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Lookup NU author(s): Professor Deborah HendersonORCiD
This work is licensed under a Creative Commons Attribution 4.0 International License (CC BY 4.0).
This study shows that the core planar cell polarity (PCP) genes direct the aligned cell migration in the adult corneal epithelium, a stratified squamous epithelium on the outer surface of the vertebrate eye. Expression of multiple core PCP genes was demonstrated in the adult corneal epithelium. PCP components were manipulated genetically and pharmacologically in human and mouse corneal epithelial cells in vivo and in vitro. Knockdown of VANGL2 reduced the directional component of migration of human corneal epithelial (HCE) cells without affecting speed. It was shown that signalling through PCP mediators, dishevelled, dishevelled-associated activator of morphogenesis and Rho-associated protein kinase directs the alignment of HCE cells by affecting cytoskeletal reorganization. Cells in which VANGL2 was disrupted tended to misalign on grooved surfaces and migrate across, rather than parallel to the grooves. Adult corneal epithelial cells in which Vangl2 had been conditionally deleted showed a reduced rate of wound-healing migration. Conditional deletion of Vangl2 in the mouse corneal epithelium ablated the normal highly stereotyped patterns of centripetal cell migration in vivo from the periphery (limbus) to the centre of the cornea. Corneal opacity owing to chronic wounding is a major cause of degenerative blindness across the world, and this study shows that Vangl2 activity is required for directional corneal epithelial migration.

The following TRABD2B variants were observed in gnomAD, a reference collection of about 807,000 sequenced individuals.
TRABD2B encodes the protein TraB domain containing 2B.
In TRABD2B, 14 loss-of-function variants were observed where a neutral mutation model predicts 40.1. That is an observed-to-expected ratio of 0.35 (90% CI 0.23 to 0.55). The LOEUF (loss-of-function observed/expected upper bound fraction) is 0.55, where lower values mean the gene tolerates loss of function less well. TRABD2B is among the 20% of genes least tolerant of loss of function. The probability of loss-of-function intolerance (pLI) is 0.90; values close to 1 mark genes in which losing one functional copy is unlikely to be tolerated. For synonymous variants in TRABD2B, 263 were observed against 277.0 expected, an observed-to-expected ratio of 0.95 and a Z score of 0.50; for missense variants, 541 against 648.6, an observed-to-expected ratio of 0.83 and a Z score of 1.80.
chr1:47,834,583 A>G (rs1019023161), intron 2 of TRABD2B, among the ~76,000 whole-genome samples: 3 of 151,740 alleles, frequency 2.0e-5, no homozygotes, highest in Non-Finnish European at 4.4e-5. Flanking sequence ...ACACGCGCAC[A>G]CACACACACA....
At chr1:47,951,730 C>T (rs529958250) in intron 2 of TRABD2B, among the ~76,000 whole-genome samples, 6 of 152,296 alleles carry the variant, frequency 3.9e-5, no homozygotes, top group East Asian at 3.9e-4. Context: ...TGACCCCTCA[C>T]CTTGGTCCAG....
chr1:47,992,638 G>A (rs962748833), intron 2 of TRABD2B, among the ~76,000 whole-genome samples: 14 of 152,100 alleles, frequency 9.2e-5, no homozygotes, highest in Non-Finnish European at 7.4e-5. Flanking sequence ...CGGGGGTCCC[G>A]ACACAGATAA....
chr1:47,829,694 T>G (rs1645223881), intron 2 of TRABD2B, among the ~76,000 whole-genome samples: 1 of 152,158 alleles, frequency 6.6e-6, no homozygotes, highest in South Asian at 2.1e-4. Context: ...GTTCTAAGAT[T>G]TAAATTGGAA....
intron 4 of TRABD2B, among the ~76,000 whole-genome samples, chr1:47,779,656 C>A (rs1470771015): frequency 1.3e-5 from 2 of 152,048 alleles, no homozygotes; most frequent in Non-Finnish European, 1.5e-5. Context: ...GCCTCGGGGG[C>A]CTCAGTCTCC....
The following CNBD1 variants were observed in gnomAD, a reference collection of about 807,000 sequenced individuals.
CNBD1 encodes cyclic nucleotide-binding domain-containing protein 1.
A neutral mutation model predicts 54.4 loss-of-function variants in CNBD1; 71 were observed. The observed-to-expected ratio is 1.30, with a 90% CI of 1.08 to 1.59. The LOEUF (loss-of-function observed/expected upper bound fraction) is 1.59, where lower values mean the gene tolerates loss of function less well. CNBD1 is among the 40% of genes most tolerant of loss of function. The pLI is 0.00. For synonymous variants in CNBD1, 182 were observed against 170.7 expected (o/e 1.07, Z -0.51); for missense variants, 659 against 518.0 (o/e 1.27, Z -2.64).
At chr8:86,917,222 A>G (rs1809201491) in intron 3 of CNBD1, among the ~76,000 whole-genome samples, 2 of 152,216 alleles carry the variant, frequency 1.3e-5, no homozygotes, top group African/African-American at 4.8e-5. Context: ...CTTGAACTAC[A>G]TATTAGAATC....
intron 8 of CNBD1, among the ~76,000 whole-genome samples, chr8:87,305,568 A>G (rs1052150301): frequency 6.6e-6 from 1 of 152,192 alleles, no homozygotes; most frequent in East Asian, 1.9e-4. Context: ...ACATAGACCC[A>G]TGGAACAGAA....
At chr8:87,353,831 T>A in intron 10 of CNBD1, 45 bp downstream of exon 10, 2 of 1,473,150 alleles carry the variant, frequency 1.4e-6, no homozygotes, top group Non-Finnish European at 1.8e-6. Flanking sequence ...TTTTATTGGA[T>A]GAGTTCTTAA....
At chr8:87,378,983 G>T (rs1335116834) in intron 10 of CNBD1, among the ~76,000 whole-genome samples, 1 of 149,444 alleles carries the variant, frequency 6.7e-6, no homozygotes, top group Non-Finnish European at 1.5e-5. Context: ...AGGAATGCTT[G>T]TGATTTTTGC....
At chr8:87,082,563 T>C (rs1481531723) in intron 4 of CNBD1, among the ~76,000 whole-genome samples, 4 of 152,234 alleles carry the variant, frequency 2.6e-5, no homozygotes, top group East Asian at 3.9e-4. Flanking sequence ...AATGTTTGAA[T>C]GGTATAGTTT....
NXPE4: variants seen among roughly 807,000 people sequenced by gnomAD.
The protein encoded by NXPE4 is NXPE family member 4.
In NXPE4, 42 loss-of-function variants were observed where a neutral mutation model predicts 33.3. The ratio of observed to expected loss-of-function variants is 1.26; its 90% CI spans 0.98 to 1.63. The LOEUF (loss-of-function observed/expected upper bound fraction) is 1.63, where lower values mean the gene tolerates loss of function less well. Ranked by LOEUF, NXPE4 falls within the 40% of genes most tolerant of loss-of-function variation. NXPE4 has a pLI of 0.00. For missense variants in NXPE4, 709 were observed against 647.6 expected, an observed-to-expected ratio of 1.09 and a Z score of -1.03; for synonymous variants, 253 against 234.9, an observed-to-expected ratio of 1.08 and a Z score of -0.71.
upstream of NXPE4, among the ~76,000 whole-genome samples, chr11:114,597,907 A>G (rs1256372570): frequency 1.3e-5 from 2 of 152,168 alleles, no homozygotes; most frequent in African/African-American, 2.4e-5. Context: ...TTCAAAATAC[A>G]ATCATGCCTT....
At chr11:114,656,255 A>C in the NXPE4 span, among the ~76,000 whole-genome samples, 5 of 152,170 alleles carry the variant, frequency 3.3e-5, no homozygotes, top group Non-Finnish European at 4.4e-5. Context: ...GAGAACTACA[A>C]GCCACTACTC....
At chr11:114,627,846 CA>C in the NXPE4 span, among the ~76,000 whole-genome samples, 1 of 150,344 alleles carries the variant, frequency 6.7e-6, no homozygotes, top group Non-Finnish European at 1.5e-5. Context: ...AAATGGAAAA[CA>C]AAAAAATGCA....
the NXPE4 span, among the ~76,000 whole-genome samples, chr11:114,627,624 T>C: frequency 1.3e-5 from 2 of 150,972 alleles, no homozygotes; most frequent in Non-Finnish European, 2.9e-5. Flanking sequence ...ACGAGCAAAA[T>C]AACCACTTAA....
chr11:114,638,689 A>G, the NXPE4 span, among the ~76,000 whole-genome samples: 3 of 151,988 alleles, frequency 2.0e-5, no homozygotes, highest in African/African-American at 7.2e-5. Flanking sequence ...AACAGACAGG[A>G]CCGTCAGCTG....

Author(s): Findlay AS, Panzica DA, Walczysko P, Holt AB, Henderson DJ, West JD, Rajnicek A, Collinson JM
Publication type: Article
Publication status: Published
Journal: Royal Society Open Science
Online publication date: 19/10/2016
Acceptance date: 15/09/2016
Date deposited: 10/02/2017
ISSN (electronic): 2054-5703
Publisher: Royal Society Publishing
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